Most drone manufacturers have opted for proprietary software to control their respective drones, we’ll explore that today, a contrast to our Best drone apps list, with the best apps for any drone enthusiast. Those were the generic apps independent of drone manufacturer, this list today is the apps you need to fly a drone from each of the major manufacturers.
We chose some of the more popular drone manufacturers out there, including DJI, Autel Robotics, Yuneec and Hubsan. Please feel free to let us know in the comments below if there is a manufacturer you’d like to see in the list.
We’d hate to be presumptuous about the drone you are flying, but unless it’s a custom racing rig, there’s a high likelihood you’re flying a DJI drone today. Let’s start there.
DJI Go 4
For those flying later DJI hardware, look no further, this app is for you. Designed for all Phantom 4 series drones, the Inspire 2 and everyone’s favorite, the Mavic Pro, DJI GO 4 packs the very latest and best features that DJI has to offer in retail drones.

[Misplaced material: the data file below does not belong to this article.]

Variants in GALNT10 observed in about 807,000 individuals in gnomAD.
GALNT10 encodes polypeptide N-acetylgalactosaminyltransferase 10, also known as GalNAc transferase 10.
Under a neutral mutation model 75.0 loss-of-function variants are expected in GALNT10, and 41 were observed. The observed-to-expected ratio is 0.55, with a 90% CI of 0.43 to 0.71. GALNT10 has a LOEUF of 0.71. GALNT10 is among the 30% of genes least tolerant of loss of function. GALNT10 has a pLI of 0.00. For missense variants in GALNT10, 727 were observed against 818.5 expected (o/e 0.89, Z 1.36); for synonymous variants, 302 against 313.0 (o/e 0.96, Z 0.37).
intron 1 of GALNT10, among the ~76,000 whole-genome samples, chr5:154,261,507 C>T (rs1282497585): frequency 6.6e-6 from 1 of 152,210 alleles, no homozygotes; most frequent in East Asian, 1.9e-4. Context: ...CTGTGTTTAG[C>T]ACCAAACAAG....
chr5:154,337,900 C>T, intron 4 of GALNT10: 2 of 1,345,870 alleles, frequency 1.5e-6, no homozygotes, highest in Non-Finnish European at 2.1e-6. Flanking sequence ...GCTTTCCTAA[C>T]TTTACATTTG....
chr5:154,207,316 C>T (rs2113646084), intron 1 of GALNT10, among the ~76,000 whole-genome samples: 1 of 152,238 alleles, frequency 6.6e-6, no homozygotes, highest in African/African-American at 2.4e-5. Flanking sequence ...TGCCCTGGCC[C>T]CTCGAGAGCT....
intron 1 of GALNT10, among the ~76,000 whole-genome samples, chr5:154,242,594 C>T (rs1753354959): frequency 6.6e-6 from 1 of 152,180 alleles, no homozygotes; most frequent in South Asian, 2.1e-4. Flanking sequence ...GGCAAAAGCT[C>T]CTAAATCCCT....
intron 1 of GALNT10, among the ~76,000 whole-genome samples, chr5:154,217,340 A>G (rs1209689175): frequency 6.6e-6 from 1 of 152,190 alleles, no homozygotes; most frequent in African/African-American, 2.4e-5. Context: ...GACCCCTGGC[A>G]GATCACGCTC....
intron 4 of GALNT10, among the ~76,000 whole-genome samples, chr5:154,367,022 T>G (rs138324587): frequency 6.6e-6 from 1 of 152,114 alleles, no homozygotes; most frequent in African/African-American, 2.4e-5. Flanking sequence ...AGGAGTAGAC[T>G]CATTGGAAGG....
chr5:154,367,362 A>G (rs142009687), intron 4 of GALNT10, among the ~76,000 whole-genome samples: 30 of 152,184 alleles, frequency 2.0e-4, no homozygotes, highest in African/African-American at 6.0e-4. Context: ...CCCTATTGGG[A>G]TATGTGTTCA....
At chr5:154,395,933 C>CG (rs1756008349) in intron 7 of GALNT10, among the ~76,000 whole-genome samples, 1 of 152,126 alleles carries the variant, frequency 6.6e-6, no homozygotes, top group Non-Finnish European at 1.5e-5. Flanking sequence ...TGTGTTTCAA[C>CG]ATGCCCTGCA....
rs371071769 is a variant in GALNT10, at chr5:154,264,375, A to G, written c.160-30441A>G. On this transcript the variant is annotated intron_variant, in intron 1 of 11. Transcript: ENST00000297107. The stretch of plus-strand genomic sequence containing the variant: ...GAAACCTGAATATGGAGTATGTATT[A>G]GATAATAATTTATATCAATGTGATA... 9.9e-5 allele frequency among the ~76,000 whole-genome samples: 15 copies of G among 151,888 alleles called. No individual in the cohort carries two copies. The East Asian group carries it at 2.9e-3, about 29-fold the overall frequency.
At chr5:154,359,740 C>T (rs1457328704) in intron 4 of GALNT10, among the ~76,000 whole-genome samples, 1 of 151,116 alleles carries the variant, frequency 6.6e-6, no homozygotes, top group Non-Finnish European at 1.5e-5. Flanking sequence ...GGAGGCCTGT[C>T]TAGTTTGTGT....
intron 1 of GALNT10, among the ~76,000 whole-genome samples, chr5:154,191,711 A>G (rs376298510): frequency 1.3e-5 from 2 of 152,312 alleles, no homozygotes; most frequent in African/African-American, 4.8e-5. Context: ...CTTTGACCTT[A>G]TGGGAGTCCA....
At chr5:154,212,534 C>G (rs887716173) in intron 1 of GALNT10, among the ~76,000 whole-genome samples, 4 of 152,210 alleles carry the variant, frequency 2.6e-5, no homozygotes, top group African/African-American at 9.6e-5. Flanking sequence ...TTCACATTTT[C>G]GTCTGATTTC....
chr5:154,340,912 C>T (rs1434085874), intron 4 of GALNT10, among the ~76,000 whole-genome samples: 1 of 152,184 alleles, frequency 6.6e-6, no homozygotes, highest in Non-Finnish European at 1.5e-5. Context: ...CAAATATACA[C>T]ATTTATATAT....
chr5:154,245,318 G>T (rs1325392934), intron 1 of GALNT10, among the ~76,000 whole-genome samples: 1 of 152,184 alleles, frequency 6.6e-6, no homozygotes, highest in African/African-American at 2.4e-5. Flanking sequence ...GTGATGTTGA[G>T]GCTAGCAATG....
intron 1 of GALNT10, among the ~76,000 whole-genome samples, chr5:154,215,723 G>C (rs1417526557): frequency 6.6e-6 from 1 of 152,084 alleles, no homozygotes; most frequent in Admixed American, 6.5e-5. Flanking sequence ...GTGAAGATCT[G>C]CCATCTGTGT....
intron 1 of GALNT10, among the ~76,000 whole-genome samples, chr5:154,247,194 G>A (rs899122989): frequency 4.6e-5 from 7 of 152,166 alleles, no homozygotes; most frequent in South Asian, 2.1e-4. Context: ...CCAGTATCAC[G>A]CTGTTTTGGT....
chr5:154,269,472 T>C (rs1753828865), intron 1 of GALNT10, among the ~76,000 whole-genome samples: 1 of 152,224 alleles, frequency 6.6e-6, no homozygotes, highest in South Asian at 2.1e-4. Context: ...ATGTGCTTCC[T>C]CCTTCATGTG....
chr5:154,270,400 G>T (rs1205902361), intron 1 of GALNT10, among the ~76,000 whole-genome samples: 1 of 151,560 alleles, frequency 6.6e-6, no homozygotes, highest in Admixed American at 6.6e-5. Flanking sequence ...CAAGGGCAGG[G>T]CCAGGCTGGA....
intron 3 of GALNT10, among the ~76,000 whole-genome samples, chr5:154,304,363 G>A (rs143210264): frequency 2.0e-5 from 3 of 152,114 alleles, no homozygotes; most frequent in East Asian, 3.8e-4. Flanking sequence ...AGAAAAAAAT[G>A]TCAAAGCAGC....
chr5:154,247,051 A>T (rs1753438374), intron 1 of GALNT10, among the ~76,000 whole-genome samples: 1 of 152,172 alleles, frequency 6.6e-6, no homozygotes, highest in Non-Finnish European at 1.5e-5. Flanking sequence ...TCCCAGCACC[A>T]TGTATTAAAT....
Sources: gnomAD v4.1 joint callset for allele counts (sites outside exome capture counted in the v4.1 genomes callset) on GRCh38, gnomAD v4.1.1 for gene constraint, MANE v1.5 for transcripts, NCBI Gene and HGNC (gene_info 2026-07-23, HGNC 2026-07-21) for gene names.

This is also the app you’re going to want on hand to operate your new DJI Goggles with your Mavic Pro. And if you do not this app for some reason, why not check out our list of DJI GO 4 app alternatives.
The focus with the new DJI Mavic Mini is a simplified flight experience that doesn’t skimp on the core functionality, this described the DJI Fly app as well. Experienced DJI pilots may not find all of the manual tweaks and settings they’ve gotten use to for the larger drones, but the truth is, they were not necessary for flight. Focusing on the live view from the drone, and key mapping and navigation telemetry, the DJI Fly app won’t confuse new pilots, and, just like the drone, is a great stepping stone toward more advanced flight.
Check out the DJI Mavic Mini, Mavic Air 2 and newest DJI Mini 2:
DJI Mavic Mini
- 30 – Minutes
- 2.7K – 12MP
- 29 – MPH
DJI Mavic Air 2